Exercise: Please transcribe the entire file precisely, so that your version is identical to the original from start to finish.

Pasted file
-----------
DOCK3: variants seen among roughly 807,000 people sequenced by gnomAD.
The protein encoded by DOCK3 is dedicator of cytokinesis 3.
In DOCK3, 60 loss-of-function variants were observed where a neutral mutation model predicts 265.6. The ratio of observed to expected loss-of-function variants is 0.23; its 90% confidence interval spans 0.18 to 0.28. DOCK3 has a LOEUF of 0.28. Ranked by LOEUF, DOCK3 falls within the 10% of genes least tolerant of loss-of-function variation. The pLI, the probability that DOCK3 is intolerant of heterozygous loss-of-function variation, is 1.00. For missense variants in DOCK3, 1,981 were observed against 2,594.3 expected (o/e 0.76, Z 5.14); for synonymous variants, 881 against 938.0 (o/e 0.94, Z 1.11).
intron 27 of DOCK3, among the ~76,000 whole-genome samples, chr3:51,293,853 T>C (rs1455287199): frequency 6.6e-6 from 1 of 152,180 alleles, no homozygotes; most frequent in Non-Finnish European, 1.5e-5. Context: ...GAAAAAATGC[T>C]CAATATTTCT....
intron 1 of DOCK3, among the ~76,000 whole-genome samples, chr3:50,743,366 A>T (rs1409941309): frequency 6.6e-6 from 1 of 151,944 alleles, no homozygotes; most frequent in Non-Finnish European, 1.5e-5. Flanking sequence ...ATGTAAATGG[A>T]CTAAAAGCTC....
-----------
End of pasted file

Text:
DOCK3: variants seen among roughly 807,000 people sequenced by gnomAD.
The protein encoded by DOCK3 is dedicator of cytokinesis 3.
In DOCK3, 60 loss-of-function variants were observed where a neutral mutation model predicts 265.6. The ratio of observed to expected loss-of-function variants is 0.23; its 90% confidence interval spans 0.18 to 0.28. DOCK3 has a LOEUF of 0.28. Ranked by LOEUF, DOCK3 falls within the 10% of genes least tolerant of loss-of-function variation. The pLI, the probability that DOCK3 is intolerant of heterozygous loss-of-function variation, is 1.00. For missense variants in DOCK3, 1,981 were observed against 2,594.3 expected (o/e 0.76, Z 5.14); for synonymous variants, 881 against 938.0 (o/e 0.94, Z 1.11).
intron 27 of DOCK3, among the ~76,000 whole-genome samples, chr3:51,293,853 T>C (rs1455287199): frequency 6.6e-6 from 1 of 152,180 alleles, no homozygotes; most frequent in Non-Finnish European, 1.5e-5. Context: ...GAAAAAATGC[T>C]CAATATTTCT....
intron 1 of DOCK3, among the ~76,000 whole-genome samples, chr3:50,743,366 A>T (rs1409941309): frequency 6.6e-6 from 1 of 151,944 alleles, no homozygotes; most frequent in Non-Finnish European, 1.5e-5. Flanking sequence ...ATGTAAATGG[A>T]CTAAAAGCTC....